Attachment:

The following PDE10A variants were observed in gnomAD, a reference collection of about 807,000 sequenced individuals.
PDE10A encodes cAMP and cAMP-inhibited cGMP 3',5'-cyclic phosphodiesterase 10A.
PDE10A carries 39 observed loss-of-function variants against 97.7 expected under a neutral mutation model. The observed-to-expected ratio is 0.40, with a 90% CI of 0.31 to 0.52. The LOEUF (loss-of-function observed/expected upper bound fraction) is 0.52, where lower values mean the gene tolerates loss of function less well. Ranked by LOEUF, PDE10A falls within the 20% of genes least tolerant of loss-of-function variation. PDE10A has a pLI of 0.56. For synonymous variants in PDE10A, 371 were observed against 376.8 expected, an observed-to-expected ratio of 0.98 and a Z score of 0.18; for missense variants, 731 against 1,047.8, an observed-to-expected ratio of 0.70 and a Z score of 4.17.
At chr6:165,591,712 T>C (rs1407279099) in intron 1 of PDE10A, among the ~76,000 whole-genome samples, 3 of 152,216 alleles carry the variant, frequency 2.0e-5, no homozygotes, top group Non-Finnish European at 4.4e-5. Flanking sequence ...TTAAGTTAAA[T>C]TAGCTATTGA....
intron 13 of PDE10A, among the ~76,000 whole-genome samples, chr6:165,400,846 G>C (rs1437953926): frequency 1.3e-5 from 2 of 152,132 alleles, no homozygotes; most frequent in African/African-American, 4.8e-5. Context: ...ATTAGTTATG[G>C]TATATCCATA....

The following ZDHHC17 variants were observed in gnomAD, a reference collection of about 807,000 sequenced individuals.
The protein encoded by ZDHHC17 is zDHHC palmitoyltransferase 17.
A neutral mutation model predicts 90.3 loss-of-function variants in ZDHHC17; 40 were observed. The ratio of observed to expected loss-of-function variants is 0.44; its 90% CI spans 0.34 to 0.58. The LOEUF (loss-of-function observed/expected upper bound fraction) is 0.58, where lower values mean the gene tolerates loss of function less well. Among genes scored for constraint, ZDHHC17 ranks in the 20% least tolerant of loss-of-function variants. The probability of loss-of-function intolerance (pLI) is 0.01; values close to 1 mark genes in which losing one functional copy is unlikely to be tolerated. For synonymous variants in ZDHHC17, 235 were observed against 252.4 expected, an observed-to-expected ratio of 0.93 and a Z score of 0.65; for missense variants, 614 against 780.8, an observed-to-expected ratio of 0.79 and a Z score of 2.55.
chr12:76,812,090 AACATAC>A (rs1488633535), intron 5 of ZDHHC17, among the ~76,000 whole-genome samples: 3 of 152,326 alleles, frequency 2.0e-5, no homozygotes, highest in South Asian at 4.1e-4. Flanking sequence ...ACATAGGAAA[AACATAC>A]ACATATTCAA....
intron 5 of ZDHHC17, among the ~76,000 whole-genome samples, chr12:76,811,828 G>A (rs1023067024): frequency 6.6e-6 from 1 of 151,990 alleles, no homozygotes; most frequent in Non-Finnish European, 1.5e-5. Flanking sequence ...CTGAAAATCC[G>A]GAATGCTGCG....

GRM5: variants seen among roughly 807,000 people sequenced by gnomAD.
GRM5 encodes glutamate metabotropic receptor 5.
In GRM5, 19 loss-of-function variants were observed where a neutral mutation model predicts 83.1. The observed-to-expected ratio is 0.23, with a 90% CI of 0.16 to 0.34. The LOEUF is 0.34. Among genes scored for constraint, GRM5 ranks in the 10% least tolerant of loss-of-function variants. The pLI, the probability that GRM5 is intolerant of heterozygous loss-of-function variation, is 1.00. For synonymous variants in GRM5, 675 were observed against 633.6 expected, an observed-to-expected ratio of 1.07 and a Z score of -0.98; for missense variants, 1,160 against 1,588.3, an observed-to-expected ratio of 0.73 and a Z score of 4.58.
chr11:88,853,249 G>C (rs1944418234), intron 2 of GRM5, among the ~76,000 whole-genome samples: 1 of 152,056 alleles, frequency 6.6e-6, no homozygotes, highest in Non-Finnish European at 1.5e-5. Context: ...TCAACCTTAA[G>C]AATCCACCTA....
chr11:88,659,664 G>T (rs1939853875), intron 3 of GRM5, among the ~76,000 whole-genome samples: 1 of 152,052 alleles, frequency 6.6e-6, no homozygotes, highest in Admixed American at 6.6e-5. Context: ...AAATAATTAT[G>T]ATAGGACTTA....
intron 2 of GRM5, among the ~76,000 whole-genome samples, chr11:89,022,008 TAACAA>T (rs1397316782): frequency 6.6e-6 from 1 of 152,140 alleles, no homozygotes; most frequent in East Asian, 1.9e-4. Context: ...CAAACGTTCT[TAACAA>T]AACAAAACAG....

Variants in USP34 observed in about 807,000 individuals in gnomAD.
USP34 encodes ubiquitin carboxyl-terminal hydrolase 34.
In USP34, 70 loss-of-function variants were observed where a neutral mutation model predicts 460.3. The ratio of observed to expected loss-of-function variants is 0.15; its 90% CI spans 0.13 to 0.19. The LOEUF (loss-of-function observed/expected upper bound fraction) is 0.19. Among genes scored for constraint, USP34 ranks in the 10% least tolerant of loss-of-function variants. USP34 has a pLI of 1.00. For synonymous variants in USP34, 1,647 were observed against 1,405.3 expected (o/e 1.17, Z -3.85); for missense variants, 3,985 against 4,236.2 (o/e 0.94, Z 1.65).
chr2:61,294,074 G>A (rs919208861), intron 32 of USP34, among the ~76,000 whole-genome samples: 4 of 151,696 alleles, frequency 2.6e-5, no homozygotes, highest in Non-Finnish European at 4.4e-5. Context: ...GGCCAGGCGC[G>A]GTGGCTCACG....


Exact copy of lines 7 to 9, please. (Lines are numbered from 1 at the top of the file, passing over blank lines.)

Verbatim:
The protein encoded by ZDHHC17 is zDHHC palmitoyltransferase 17.
A neutral mutation model predicts 90.3 loss-of-function variants in ZDHHC17; 40 were observed. The ratio of observed to expected loss-of-function variants is 0.44; its 90% CI spans 0.34 to 0.58. The LOEUF (loss-of-function observed/expected upper bound fraction) is 0.58, where lower values mean the gene tolerates loss of function less well. Among genes scored for constraint, ZDHHC17 ranks in the 20% least tolerant of loss-of-function variants. The probability of loss-of-function intolerance (pLI) is 0.01; values close to 1 mark genes in which losing one functional copy is unlikely to be tolerated. For synonymous variants in ZDHHC17, 235 were observed against 252.4 expected, an observed-to-expected ratio of 0.93 and a Z score of 0.65; for missense variants, 614 against 780.8, an observed-to-expected ratio of 0.79 and a Z score of 2.55.
chr12:76,812,090 AACATAC>A (rs1488633535), intron 5 of ZDHHC17, among the ~76,000 whole-genome samples: 3 of 152,326 alleles, frequency 2.0e-5, no homozygotes, highest in South Asian at 4.1e-4. Flanking sequence ...ACATAGGAAA[AACATAC>A]ACATATTCAA....